Wandering Thoughts archives


Spam summary for July 23rd 2005

It looks like the hope from last week that spammers had stopped forging University of Toronto subdomains as the origin of their spam was in fact just a hope. 'Nonexistent local user' rejections are back up like clockwork. Oh well; it would have been nice.

IP level rejections:

Host/Mask           Packets   Bytes       6663    339K           6659    303K         3918    188K           3190    162K          2648    132K        2490    127K         2252    109K           2185    111K         2165    106K           2014   96672         1877   90096          1853   88944          1750    105K         1686   80768           1529   75816          1502   72096          1455   69840          1422   68256        1320   65136         1294   63600

Finally, has dropped entirely out of the list. A number of other apparent dynamic/DHCP/cable modem sources are on it, though; I'm not surprised. Zombie spam is the big problem of these days.

Connection-time rejections:

  24003 total
   8375 rejected due to bad/missing reverse DNS information
   1236 class bl-cbl
    698 class bl-ordb
    509 class bl-dsbl
    335 class bl-spews
    330 class bl-sbl
    162 class bl-sdul
    158 class bl-njabl
     10 class bl-opm

Surprisingly, rejections have plummeted overall, although they're broadly like last week's. We had about 186,000 SMTP connections from at least 35,000 different IP addresses, which is somewhat up on our usual connections volume (I usually expect about 120,000 over the course of a week).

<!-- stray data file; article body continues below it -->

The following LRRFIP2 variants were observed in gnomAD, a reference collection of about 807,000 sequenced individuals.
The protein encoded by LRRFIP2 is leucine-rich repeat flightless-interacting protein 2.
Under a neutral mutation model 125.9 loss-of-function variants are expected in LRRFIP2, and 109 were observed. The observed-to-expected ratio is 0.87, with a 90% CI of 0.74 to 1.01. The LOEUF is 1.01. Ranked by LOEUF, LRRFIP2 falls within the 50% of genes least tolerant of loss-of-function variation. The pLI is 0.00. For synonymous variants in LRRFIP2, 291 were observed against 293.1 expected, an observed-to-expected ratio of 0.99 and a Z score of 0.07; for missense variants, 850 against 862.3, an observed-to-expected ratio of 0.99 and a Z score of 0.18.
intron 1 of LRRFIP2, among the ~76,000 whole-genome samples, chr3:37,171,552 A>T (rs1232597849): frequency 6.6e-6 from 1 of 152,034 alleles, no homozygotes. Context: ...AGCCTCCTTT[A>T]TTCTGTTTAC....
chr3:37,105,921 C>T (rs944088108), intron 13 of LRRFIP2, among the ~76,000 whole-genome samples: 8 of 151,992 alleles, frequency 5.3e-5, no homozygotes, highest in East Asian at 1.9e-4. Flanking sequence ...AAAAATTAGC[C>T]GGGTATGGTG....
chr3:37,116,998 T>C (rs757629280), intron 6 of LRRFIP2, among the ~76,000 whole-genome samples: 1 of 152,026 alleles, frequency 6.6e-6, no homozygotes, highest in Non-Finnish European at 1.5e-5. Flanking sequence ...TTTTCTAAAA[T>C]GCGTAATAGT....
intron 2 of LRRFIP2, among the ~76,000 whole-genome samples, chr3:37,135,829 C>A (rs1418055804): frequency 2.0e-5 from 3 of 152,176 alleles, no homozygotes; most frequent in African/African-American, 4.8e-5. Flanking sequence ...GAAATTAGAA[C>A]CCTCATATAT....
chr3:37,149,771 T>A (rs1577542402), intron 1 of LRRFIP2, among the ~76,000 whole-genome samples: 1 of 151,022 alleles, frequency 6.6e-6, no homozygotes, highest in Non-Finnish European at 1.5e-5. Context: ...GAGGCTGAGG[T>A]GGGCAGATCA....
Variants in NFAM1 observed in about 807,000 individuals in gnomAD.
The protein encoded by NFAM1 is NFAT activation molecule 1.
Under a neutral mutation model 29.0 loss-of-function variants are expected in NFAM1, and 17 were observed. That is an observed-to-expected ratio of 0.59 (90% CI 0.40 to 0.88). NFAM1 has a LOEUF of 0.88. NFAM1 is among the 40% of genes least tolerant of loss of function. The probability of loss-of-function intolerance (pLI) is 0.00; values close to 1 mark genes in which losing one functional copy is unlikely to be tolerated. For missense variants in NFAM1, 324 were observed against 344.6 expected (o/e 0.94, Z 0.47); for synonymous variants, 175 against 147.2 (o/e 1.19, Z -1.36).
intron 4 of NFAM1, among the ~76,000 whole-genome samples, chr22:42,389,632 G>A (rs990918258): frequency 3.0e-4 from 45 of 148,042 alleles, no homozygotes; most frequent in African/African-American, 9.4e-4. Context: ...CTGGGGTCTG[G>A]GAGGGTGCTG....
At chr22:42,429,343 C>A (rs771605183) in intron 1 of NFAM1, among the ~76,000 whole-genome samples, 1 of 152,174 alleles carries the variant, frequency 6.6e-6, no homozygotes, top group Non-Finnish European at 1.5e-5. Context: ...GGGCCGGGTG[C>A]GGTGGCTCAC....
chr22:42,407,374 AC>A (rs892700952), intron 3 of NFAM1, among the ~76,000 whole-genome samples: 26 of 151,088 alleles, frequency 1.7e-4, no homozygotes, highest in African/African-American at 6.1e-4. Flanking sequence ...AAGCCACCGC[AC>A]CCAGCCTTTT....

We rejected 9,200 IP addresses at connect time, let 1,330 machines get as far as the SMTP banner, and actually accepted email from only 197 different IP addresses. This is about the depressing ratio mismatch I expected from previous weeks.

At this point I'm running out of interesting statistics to take more looks at, so I'll probably flip away from weekly spam stats posts in favour of just generating the data and archiving it for long-term local analysis. (I suppose I could do a breakdown of connection time rejections by source ASN. (But if I do that, I should probably explain 'ASN' first.))

spam/SpamSummary-2005-07-23 written at 01:17:02; Add Comment

The necessary evolution of mail servers

In a comment on my Legend of Debian post, Chris Wage wrote in part:

Most of the servers I run are: webservers, mailservers, CVS servers, etc. These are things for which well-established stable software has existed for years. I don't need bleeding-edge software to do them. I need stable representatives of that software that are supported by security updates but don't otherwise change.

I have to disagree with this in the case of mail servers.

Unless you actively enjoy getting spammed your mail server software needs to be upgraded on a regular basis, because spammers evolve their techniques all of the time. One of my major issues with Debian Woody is that by the end of its life, its default mailserver (Exim 3) is clearly not adequate to the job of stopping spam.

This means that if you do spam filtering at all, you're going to need regular mail server software upgrades in some form. (This also means that you're going to need to evaluate upgrades if your operating system vendor doesn't deliver regular ones.)

Virus authors also evolve their tricks all the time, so people doing virus filtering need to think about this issue too.

spam/EvolvingMailservers written at 00:45:08; Add Comment

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